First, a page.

Describe in detail, the events occurring in the cardiovascular and respiratory systems during exercise.
Aerobic exercise such as running or swimming increases your muscles' need for oxygen and nutrients. You breathe deeper and your pulse increases when you engage in moderate to intense aerobic exercise. [ When you are out of shape, your cardiovascular system cannot adapt quickly in response to your increased exertion and you tire easily. With regular exercise, though, your cardiovascular system
evolves and adapts.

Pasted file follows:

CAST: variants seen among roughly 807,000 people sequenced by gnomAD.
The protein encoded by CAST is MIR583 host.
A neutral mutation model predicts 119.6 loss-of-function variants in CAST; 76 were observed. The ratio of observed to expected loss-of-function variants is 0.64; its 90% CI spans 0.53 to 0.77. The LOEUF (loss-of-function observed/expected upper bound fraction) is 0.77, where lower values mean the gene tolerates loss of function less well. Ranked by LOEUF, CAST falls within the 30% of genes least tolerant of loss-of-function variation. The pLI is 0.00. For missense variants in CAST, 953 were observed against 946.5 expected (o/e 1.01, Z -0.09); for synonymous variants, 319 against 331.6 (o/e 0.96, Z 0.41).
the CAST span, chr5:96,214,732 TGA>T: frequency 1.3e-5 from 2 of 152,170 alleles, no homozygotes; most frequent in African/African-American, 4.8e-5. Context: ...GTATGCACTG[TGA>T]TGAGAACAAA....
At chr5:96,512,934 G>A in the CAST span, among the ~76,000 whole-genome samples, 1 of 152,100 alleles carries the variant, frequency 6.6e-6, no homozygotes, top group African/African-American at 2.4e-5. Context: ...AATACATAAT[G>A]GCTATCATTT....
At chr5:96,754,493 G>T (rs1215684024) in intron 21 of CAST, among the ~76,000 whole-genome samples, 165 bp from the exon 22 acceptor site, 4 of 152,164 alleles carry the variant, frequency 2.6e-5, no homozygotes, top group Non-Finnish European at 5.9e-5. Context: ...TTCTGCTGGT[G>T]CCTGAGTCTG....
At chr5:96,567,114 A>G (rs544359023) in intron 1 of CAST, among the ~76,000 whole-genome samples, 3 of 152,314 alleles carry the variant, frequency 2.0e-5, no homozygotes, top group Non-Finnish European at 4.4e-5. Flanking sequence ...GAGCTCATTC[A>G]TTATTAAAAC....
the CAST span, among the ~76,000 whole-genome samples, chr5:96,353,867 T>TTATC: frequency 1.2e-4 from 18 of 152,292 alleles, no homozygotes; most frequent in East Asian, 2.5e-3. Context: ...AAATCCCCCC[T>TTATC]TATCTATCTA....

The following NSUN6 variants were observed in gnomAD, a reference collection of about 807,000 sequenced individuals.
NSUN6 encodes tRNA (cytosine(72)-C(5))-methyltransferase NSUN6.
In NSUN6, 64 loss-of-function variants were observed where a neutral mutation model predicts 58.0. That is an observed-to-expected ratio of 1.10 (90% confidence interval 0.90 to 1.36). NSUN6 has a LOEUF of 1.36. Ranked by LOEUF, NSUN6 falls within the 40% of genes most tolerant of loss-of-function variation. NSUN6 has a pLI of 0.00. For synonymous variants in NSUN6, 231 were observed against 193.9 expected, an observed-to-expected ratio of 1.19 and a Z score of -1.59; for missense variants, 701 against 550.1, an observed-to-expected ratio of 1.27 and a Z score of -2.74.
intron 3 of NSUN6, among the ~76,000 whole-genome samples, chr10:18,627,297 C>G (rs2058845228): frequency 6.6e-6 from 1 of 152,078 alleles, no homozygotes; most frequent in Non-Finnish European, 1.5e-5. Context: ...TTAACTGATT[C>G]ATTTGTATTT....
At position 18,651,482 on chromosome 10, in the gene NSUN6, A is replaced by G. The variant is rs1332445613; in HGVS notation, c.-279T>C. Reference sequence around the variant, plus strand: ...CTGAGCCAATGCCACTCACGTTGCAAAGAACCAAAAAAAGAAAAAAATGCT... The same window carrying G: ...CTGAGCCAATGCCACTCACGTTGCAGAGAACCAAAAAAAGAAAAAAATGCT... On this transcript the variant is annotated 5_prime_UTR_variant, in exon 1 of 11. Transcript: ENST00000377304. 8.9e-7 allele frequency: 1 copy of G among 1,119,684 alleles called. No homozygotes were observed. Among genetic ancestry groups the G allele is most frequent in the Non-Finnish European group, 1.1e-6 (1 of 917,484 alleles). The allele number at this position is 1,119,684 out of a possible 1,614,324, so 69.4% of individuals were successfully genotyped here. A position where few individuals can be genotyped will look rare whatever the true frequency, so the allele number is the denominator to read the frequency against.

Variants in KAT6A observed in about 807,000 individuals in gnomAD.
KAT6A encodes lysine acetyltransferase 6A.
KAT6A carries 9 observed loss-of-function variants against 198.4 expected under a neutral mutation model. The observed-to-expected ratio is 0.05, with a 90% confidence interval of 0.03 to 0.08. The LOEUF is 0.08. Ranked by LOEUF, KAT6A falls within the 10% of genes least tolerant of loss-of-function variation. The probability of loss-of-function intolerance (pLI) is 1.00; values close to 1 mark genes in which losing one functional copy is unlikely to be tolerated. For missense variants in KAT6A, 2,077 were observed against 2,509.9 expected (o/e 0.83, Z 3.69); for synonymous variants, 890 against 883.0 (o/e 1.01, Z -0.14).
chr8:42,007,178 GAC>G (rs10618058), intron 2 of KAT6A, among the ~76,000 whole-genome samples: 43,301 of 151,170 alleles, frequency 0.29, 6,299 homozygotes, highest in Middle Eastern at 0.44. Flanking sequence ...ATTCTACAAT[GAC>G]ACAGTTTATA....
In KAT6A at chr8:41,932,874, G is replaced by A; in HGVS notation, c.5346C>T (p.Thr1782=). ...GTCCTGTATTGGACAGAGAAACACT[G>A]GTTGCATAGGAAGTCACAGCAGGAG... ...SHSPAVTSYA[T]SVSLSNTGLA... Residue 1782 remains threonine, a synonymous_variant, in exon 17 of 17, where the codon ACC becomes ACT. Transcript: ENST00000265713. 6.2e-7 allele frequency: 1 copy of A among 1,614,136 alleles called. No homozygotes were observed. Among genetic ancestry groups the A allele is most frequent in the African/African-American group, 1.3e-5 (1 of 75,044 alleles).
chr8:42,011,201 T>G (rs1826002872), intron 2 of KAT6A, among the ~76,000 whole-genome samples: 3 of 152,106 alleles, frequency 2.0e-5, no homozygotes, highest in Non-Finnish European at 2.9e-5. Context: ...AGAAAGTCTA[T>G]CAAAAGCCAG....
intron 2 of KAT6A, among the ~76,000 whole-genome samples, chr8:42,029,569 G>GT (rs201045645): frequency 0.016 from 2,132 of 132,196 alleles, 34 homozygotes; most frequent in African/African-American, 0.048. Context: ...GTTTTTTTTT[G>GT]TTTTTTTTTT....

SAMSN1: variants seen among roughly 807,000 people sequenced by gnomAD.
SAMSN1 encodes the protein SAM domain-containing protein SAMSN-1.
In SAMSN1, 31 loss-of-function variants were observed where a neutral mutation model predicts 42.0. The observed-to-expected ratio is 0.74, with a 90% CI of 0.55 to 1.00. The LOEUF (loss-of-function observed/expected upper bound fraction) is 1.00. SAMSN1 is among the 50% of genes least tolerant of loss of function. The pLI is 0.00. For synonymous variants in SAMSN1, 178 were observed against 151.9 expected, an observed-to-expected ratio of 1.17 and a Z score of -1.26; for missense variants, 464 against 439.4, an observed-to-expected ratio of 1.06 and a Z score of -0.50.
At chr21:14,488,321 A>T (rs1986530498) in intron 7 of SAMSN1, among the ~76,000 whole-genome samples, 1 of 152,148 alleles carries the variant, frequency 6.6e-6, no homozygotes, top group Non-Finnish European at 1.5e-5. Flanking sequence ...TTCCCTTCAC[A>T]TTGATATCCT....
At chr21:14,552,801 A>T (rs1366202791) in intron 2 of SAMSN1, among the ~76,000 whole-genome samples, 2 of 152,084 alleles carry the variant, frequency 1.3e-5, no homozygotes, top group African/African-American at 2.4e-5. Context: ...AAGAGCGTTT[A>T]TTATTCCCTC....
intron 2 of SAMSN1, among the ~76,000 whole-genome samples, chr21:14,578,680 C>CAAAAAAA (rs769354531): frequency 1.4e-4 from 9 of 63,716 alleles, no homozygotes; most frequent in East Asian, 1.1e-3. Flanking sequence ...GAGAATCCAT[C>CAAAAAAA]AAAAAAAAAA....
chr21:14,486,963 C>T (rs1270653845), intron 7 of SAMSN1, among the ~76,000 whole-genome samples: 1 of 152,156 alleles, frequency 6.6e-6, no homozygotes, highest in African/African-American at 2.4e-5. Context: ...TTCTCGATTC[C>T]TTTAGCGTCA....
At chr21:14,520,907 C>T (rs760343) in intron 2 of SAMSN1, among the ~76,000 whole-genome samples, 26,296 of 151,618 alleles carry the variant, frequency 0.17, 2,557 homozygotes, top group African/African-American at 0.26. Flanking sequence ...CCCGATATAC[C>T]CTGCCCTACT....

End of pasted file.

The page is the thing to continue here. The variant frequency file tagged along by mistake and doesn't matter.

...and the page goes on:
During moderate to intense exercise your heart rate increases, and your heart pumps more blood. As a result, your systolic blood pressure rises and blood volume increases. Systolic pressure quantifies the pressure of blood against your vessel walls as measured when your heart contracts. In healthy young athletes, your diastolic pressure, or your blood pressure as measured between active heart beats, actually drops, because your capillaries and veins relax and dilate somewhat during exercise. The short-term changes in your cardiovascular system return to their resting state when you rest. Long-term benefits of exercise include lower resting heart rate and blood pressure, better circulation to extremities thanks to formation of new capillaries and a quick recovery of resting heart rate after vigorous exertion.
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